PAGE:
I am a major MAJOR Ernest Cline fan, especially when it comes to his hit novel, Ready Player One. It was recommended to me by Aaron – a man who has never voluntarily picked up a book in his life – yet could finish this one in a single afternoon. “Man,” I thought to myself. “This had better be good.”
As a result of my insane vertigo, I opted for Audible’s narration of the hardback instead, featuring Will Wheaton, aka. everyone’s favourite nemesis on The Big Bang Theory. Thanks to Wheaton’s incredible articulation and zealous narration skills, I have listened to Ready Player One at least 25 times from cover to cover, and I have yet to be disappointed.
That is, until Steven Spielberg’s film version of Ready Player One hit theatres this March.
Ze: One refers to a person with ze typically (a) when their gender is unknown, and one wishes to avoid assuming their gender, or (b) when they are neither male nor female in gender, making he and she (and also either/or terms like s/he or (s)he) inappropriate and potentially hurtful.
I had a friend back in Secondary school who found a scrap bit of paper in the classroom bin. It dictated a conversation between two unknown individuals – what with the famed 00s’ coloured gel inks – with a special shoutout to “Tish the class b*tch”, who had the “gall to refer to herself as the future Miss Universe.”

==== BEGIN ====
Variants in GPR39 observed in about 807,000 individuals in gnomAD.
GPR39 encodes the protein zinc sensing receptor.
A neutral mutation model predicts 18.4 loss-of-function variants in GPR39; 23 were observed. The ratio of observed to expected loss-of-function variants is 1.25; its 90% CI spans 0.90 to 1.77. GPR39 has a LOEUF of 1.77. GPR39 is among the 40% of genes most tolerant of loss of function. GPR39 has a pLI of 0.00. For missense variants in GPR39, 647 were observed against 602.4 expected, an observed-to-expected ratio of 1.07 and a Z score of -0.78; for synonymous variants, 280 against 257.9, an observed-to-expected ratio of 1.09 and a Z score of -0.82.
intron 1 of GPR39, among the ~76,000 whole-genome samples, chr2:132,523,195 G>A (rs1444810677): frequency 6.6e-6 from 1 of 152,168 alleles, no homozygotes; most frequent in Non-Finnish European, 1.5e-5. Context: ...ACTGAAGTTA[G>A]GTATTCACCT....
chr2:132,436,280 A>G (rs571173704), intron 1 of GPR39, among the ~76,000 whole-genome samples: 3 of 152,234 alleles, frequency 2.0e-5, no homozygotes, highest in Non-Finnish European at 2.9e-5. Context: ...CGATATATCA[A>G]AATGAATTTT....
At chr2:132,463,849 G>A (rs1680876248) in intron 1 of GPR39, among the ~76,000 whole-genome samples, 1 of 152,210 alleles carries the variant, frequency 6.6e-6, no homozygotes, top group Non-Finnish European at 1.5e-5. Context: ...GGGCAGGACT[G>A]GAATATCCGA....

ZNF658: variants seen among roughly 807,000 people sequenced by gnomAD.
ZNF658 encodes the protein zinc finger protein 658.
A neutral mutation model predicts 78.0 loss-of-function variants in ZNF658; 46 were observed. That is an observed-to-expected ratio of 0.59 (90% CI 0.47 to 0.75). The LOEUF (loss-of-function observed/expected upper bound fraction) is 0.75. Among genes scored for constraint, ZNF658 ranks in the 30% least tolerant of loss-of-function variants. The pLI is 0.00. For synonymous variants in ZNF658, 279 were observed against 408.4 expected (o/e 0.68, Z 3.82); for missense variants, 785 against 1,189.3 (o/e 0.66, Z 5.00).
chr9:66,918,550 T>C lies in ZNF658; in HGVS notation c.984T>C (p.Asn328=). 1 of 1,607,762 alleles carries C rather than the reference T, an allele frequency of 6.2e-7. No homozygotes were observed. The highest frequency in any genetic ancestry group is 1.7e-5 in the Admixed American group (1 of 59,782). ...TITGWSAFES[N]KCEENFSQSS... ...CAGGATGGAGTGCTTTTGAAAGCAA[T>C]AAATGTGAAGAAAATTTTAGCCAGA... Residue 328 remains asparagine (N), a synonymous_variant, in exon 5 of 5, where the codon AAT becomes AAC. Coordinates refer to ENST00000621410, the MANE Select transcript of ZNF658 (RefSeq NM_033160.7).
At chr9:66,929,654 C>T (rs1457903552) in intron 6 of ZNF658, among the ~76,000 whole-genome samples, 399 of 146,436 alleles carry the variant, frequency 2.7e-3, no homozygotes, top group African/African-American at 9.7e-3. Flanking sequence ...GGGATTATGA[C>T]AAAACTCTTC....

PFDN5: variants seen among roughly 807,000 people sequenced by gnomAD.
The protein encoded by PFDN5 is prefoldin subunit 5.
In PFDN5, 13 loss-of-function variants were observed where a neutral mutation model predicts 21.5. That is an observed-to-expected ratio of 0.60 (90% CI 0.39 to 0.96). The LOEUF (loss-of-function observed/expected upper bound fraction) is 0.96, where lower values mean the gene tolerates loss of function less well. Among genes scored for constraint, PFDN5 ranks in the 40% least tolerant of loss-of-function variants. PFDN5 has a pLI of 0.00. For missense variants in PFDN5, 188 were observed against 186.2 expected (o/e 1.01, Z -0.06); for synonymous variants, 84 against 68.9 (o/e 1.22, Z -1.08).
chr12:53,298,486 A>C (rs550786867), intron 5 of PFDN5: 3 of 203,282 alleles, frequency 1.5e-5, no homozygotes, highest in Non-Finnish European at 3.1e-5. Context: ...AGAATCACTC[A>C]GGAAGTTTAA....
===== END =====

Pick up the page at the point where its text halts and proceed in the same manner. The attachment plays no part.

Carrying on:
Yes, this really happened. But I was 14 and ambitious, pre-realisation of my passion of being a writer, and not just a pretty face.
My sister, who so stubbornly insisted on travelling 13’000 kilometres away from her parents (note: Asian parents) to land herself in the middle of a freezing Vancouver winter, is now in a rut.
Why? Because she’s a nice person, and made too many friends (for her own good).
One is too many, in my opinion.
For years I never understood this statement. Even when I was back in school, I would proclaim to my weary parents that I, and I alone, would embark on the magnificent one-man-project-work-show.
I was arrogant enough – even when I was 7 and tiny – to somehow know that my groupmates would screw up the project work and I’d have to redo it.
I do not have photos of me before the age of 19. Thanks, hard drives.
Having flitted from external hard drive to hard drive throughout my teenage years – (Cloud wasn’t a big thing back then) all of which ended in broken whirring messes, leaving me penniless and laden with stress-induced migraines – I finally conceded that these supposed storage ‘life-savers’ and I were never meant to be.
I was in my Grabhitch this morning, making absolutely no attempt to converse with my regular driver. He’s nice enough and has endured my lateness on more than one occasion. Still, I didn’t have the patience to make conversation at 8 in the morning, especially when he was one who favoured monosyllabic replies.
I’m not level-Melvin Udall yet; I don’t take pleasure in flicking the light switch on and off five times before entering any room, or feel the need to bin a bar of soap after each use – That’s OCD, not habit. Or as we Singaporeans comically imitate the Thai: Same same, but different.
The need to abide by a routine – be it with the help from planners, task apps or lists galore (I’ve done it all) – has become a chronic disability, crippling my ability to spontaneously ‘enjoy life’. Or as I like to call it: Being unprepared.